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tri·car·box·yl·ic ac·id cy·cle
tri·car·box·yl·ic ac·id cy·cle(TCA cycle) (trī-kahr-bok-sil'ik as'id sī'kĕl)
Synonym(s): Krebs cycle.
Krebs cycleA cyclical sequence of 10 biochemical reactions, brought about by mitochondrial enzymes, that involves the oxidation of a molecule of acetyl-CoA, to two molecules of carbon dioxide and water. Each turn of the cycle can result in the formation of 12 molecules of ATP per molecule of acetyl-CoA. ATP is the direct source of energy for all work performed in any cell. The Krebs cycle is one of the most important in all body biochemistry and occurs in all organisms that oxidise food totally to carbon dioxide and water. Also known as the citric acid cycle or the tricarboxylic acid cycle. (Hans Adolf Krebs, 1900–89, German-born English biochemist)
Krebs cycle or tricarboxylic acid cycle (TCA cycle) or (formerly) citric-acid cyclea circular series of reactions that forms part of CELL RESPIRATION in the presence of oxygen, occurring in many microorganisms as well as higher organisms. In eukaryotes the cycle occurs in the matrix of MITOCHONDRIA. The steps of the cycle were deduced by Sir Hans Krebs (1900–81), for which he received a Nobel Prize. The reactions leading up to the cycle by which ACETYLCOENZYME A is produced, together with the overall role of the cycle in the breakdown of complex molecules is described fully under AEROBIC RESPIRATION.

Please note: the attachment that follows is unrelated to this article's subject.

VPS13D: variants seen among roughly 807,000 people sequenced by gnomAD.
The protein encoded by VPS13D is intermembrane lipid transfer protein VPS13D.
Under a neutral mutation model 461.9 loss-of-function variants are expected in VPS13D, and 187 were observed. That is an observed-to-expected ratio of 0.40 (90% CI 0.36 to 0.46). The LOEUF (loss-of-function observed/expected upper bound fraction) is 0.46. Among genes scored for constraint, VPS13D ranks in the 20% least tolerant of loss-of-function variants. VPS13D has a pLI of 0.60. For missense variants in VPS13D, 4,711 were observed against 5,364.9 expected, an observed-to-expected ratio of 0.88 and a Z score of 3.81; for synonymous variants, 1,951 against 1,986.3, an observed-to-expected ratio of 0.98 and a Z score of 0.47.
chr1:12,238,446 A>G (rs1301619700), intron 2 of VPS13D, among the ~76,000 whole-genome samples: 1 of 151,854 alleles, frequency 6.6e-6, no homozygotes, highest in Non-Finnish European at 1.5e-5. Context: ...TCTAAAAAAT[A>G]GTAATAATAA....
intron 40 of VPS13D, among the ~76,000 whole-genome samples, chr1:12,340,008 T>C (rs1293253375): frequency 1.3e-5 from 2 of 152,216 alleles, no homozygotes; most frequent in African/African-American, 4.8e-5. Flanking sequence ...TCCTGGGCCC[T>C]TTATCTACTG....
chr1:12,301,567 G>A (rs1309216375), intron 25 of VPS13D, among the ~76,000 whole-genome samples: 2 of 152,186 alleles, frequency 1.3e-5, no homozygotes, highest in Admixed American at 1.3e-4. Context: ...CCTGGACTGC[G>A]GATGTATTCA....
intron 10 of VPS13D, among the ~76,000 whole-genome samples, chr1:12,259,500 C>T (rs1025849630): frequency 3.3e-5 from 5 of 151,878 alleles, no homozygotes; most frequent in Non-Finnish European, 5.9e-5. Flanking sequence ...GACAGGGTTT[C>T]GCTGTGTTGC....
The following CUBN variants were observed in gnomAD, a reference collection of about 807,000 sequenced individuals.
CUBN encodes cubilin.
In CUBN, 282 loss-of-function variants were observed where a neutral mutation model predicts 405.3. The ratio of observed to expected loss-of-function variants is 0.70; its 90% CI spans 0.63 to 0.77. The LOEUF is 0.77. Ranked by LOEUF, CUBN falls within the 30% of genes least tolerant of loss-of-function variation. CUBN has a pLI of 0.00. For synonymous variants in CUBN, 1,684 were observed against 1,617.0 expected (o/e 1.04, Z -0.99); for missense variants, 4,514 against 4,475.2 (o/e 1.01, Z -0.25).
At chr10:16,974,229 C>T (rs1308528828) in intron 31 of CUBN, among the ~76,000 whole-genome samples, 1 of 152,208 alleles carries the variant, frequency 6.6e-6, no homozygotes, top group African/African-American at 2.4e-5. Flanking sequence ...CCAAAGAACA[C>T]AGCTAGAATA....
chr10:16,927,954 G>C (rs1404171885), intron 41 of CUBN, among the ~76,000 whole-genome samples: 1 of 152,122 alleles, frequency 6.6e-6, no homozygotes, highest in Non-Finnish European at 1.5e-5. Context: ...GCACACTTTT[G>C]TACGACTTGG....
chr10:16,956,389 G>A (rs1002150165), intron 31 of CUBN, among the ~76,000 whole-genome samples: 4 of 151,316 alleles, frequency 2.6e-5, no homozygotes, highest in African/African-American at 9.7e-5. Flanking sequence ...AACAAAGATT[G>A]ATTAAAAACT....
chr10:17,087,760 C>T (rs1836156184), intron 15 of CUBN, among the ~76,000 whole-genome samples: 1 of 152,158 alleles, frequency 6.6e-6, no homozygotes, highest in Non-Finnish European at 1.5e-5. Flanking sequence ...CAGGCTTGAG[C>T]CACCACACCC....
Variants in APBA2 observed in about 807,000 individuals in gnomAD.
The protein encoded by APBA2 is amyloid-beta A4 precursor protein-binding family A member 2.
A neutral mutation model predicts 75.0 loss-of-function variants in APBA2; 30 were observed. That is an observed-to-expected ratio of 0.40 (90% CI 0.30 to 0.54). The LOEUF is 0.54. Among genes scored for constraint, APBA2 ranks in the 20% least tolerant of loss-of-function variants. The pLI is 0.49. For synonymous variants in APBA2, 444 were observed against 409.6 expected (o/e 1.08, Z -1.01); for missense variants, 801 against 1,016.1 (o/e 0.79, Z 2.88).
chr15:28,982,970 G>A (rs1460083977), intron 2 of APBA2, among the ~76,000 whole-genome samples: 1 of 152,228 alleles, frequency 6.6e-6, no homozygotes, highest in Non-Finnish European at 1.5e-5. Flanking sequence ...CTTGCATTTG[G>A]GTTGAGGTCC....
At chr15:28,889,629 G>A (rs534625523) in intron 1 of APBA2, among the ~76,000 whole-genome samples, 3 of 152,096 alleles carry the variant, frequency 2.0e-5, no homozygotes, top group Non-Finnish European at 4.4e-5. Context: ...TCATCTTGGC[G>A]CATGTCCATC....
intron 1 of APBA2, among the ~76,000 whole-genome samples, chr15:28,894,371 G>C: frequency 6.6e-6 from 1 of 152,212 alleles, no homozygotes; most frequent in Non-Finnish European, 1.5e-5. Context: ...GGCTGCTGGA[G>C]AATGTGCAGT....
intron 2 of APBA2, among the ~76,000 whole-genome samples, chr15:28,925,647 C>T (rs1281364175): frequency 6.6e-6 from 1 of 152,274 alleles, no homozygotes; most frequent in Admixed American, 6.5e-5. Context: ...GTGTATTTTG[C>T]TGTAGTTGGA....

Each turn of the cycle releases 2 molecules of carbon dioxide, 8 hydrogen atoms that produce 11 molecules of ATP via the ELECTRON TRANSPORT SYSTEM, and 1 molecule of ATP produced by SUBSTRATE-LEVEL PHOSPHORYLATION. Two turns of the cycle are needed to complete the breakdown of one glucose molecule.
Krebs,Sir Hans Adolph, German biochemist in England and Nobel laureate, 1900-1981.
|Table C9 Relationship between the minimum angle of resolution, the Snellen fraction and the equivalent spatial frequency of a sine wave|
|resolution (min of |
|(m)||(ft)||Spatial frequency (cpd)|